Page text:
“People are hungry, and one good word is bread for a thousand.” – David Whyte
Never underestimate the power of one good word, captured at just the right moment by the ear of the heart. Back in September 1994, for example, as my first marriage began unraveling, my soul plucked a single paragraph out of a 360-page book on contemplative psychology—a paragraph that changed my life, and set me on Lao Tzu’s “journey of a thousand miles.”
“What I know / I could put into a pack / as if it were bread and cheese, and carry it / on one shoulder, / important and honorable, but so small! / While everything else continues, unexplained /and unexplainable.” —Mary Oliver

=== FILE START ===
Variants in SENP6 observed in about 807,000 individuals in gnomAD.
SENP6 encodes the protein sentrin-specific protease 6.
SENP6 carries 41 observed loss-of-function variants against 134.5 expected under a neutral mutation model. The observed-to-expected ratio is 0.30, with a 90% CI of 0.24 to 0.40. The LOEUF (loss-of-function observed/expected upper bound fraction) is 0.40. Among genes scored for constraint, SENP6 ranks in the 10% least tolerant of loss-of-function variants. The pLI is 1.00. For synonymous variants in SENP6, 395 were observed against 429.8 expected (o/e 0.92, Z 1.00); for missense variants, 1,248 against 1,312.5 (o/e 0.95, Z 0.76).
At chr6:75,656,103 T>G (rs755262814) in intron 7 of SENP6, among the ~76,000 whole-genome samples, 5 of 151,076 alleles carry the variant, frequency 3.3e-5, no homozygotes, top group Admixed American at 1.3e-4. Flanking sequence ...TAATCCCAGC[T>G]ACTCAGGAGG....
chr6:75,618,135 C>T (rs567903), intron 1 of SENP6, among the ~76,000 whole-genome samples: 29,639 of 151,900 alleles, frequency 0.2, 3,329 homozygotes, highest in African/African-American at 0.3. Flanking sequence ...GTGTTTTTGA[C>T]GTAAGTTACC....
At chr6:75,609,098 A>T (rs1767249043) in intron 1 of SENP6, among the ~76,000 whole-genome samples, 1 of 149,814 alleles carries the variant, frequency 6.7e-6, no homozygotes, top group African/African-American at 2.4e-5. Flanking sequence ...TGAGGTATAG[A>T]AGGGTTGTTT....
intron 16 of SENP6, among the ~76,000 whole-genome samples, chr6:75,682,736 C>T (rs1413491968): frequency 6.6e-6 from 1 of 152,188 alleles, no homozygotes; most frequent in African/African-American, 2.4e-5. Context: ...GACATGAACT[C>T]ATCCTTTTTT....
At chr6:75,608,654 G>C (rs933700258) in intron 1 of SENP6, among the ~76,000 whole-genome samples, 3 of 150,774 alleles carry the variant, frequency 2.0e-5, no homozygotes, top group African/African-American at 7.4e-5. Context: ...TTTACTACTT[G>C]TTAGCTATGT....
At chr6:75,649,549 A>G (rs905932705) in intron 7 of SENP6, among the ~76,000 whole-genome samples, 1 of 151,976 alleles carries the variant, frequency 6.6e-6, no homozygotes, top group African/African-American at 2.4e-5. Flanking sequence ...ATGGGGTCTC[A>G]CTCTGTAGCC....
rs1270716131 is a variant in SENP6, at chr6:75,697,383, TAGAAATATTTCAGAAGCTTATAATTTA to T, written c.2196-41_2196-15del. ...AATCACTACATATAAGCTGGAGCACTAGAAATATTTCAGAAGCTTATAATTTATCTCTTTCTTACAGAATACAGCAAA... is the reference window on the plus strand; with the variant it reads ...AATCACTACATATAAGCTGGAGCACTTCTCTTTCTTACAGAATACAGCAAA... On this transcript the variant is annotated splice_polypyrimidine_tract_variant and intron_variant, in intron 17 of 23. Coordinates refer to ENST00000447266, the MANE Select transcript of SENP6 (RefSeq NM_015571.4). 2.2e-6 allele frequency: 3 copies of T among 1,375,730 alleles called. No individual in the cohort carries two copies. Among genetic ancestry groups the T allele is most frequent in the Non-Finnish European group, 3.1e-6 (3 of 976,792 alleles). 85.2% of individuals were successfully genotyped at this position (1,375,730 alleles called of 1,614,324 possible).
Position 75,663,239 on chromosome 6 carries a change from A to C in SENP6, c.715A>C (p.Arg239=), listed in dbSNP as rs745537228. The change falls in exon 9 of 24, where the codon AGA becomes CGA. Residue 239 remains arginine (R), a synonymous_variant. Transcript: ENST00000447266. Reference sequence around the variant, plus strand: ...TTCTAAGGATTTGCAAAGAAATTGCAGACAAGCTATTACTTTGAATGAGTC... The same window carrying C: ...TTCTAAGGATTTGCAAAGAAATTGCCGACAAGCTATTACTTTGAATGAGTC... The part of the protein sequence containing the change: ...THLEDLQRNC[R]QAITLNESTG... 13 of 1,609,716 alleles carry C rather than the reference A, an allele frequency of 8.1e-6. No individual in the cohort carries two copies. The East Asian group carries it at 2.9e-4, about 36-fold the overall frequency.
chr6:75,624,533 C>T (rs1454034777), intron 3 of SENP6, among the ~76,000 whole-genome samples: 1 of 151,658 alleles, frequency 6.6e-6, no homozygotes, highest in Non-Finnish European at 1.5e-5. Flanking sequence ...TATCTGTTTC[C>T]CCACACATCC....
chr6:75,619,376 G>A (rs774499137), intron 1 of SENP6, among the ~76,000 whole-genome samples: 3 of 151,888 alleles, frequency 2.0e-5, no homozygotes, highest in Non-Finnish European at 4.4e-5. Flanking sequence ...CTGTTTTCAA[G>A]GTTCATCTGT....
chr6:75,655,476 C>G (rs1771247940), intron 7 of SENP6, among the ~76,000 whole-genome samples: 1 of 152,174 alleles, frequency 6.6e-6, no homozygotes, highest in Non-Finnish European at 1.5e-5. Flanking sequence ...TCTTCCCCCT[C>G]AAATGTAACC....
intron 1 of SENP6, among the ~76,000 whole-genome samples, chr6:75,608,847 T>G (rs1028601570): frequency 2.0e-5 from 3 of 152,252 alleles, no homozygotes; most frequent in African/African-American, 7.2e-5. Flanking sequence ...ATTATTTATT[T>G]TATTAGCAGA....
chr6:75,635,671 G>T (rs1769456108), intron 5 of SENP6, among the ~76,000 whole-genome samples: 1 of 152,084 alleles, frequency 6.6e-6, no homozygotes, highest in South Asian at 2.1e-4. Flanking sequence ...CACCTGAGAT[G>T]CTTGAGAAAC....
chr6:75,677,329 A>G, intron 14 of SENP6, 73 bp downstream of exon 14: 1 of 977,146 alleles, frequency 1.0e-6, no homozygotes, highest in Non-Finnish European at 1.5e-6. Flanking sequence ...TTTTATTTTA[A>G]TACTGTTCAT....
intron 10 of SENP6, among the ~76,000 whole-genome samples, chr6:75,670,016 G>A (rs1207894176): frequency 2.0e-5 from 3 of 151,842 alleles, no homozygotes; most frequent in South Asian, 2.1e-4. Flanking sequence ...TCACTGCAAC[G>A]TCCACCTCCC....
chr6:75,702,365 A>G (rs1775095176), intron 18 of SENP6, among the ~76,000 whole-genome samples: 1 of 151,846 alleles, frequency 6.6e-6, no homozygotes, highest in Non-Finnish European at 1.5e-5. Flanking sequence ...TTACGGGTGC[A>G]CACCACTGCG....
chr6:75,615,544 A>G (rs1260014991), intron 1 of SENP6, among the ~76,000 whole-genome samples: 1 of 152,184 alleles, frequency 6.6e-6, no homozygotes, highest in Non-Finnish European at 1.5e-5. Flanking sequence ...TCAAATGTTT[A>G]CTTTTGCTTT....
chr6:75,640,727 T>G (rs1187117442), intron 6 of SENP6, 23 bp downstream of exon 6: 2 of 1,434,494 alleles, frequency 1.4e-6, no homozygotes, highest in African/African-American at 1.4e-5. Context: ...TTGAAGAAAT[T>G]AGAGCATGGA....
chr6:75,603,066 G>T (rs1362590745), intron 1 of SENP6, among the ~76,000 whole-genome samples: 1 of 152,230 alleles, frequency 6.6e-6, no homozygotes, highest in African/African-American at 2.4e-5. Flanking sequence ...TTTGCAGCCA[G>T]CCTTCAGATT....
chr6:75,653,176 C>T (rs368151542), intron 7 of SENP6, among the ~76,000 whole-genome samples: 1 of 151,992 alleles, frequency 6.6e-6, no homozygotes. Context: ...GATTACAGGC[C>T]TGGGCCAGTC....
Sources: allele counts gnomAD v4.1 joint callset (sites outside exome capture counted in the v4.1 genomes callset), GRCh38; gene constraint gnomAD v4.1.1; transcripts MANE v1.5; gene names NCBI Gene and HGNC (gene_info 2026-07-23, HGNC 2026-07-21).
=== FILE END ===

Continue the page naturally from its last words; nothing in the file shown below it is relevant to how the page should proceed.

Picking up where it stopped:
The wisdom traditions of East and West have much to say about the value of “not knowing.” Buddhism, for example, talks about “Don’t Know” mind, a natural state of awareness that precedes or underlies our often insubstantial opinions, ideas, and so-called knowings, which are, after all, causes of so much suffering. Not knowing, therefore, can be a wise and skillful means of living.
About the Blog
These are the personal reflections of Jay Valusek on the process of Lectio Poetica, on nature, on poetry in general, and on some of words or phrases from poems we have used in our local gatherings.